For photography this last question would seem to be the most relevant. The medium registers exactly what there is to see but what exactly is it, then, that we see? The question looms large in the shared mindset of The rediscovery of the world. If anything characterises the artistic idiom of photography today it is a burning curiosity a desire to visualise what lies behind the visible, and to reveal the component parts of which our perception is actually made and to examine how real or unreal that perception actually is. Notably, in this artistic research photography seems to be going back to basics: to the camera, the light-sensitive material, and the image bearer, the unique features of a medium being employed as an instrument of eager research.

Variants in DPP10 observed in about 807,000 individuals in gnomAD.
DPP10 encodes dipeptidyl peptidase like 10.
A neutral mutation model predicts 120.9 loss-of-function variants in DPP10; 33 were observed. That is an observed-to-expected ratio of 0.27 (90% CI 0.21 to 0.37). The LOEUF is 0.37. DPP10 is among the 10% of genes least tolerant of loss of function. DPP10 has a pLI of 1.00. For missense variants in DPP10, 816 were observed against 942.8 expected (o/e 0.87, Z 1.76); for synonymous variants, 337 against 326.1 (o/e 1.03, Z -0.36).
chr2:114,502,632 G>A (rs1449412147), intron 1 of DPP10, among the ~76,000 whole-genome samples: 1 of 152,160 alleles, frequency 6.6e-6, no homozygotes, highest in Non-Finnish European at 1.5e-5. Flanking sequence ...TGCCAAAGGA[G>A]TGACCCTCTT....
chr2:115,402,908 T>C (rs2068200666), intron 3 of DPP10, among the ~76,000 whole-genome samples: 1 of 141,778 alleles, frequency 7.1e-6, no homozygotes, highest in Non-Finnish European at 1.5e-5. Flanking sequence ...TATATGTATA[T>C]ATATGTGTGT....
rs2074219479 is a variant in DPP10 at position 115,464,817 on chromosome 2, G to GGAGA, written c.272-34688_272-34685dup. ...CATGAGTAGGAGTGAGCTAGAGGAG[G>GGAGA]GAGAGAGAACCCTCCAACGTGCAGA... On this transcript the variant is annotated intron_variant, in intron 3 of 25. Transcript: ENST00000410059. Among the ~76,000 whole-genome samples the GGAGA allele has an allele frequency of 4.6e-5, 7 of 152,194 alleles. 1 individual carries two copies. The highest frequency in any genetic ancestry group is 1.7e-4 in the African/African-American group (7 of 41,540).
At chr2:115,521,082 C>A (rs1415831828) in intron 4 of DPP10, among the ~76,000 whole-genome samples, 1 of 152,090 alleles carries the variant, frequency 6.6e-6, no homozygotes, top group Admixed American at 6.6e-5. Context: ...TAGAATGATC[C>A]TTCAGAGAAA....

In Keizersgracht 399